South Korean monk critical after fiery protest against sex slave deal with Japan
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South Korean monk critical after fiery protest against sex slave deal with Japan

A SOUTH KOREAN hospital says a Buddhist monk is in critical condition after setting himself on fire to protest the country’s settlement with Japan on compensation for wartime sex slaves.

A hospital official says the 64-year-old monk suffered third-degree burns across his body and serious damage to his organs. He’s unconscious and unable to breathe on his own.

Police say the man set himself ablaze late Saturday during a rally in Seoul calling for the ouster of impeached President Park Geun-hye.

SEE ALSO: Japan to recall envoy to South Korea amid row over ‘comfort women’ statue

In his notebook, the man called Park a “traitor” over her government’s 2015 agreement with Japan that sought to settle a long-standing row over South Korean women who were forced into sexual slavery by Japan’s World War II military.

Many South Koreans say Japan’s compensation is not enough.

On Friday, Japan is recalled its ambassador to South Korea over a statue commemorating the Korean “comfort women” who were forced to work in Japanese wartime military brothels during World War Two.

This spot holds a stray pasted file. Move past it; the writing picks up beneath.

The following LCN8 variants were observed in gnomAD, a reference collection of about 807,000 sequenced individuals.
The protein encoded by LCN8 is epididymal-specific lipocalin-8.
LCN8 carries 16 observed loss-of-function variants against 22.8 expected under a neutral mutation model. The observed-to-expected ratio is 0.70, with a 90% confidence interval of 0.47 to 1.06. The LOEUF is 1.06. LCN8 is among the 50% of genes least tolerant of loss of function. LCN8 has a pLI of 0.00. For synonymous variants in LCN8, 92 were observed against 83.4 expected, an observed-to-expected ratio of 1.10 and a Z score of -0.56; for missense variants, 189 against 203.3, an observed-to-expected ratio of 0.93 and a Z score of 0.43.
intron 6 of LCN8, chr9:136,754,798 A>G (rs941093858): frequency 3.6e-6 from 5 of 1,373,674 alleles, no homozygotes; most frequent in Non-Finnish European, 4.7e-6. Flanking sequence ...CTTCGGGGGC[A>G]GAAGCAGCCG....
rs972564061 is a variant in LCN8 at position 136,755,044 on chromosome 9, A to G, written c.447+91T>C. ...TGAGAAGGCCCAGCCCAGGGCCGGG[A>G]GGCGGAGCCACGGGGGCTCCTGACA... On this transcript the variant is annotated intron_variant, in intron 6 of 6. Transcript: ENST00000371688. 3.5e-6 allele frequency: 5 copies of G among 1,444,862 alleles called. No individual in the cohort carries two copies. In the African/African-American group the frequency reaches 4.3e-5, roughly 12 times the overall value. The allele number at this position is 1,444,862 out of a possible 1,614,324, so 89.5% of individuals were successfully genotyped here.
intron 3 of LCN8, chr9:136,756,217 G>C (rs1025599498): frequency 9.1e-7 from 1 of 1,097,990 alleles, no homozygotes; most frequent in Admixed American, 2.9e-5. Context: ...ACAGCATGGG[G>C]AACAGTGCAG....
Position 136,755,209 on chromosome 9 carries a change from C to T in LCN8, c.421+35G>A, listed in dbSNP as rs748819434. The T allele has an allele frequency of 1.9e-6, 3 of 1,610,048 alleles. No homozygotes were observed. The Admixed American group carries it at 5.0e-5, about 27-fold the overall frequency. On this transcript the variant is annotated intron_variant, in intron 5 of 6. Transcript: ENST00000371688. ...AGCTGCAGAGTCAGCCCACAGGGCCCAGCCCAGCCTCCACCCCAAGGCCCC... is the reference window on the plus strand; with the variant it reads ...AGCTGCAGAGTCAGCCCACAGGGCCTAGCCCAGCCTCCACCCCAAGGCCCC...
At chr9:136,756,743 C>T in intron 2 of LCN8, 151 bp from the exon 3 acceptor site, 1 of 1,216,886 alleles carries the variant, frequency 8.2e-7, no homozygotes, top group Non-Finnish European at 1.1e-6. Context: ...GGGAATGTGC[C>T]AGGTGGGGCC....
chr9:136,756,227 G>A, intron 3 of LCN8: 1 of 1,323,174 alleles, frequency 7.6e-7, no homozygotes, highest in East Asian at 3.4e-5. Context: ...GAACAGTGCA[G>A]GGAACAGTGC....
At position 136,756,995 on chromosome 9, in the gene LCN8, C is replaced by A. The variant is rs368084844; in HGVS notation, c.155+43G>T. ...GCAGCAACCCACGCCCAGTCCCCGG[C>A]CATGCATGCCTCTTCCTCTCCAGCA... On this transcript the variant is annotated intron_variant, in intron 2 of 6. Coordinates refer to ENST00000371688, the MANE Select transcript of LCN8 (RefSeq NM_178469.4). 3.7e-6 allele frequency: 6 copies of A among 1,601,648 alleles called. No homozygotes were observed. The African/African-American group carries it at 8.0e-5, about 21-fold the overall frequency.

The term “comfort women” is a euphemism used for the girls and women who were subjected to the practice. South Korean activists estimate that there may have been as many as 200,000 Korean victims.

SEE ALSO: Japan: South Korea’s WWII ‘comfort women’ to receive $90k each

Chief cabinet secretary Yoshihide Suga said the statue in the southern city of Busan was “extremely regrettable” and stated that Japan has asked for its removal.

He said Japan would also postpone bilateral “high-level” economic dialogue, as well as suspend talks on a new currency swap arrangement with South Korea.

The two nations had agreed last August to start talks on a new currency swap to bolster defenses against global uncertainties.

“Without building relations of trust, it won’t stabilise,” Finance Minister Taro Aso told reporters, referring to the currency swap arrangement.

Additional reporting by the Associated Press and Reuters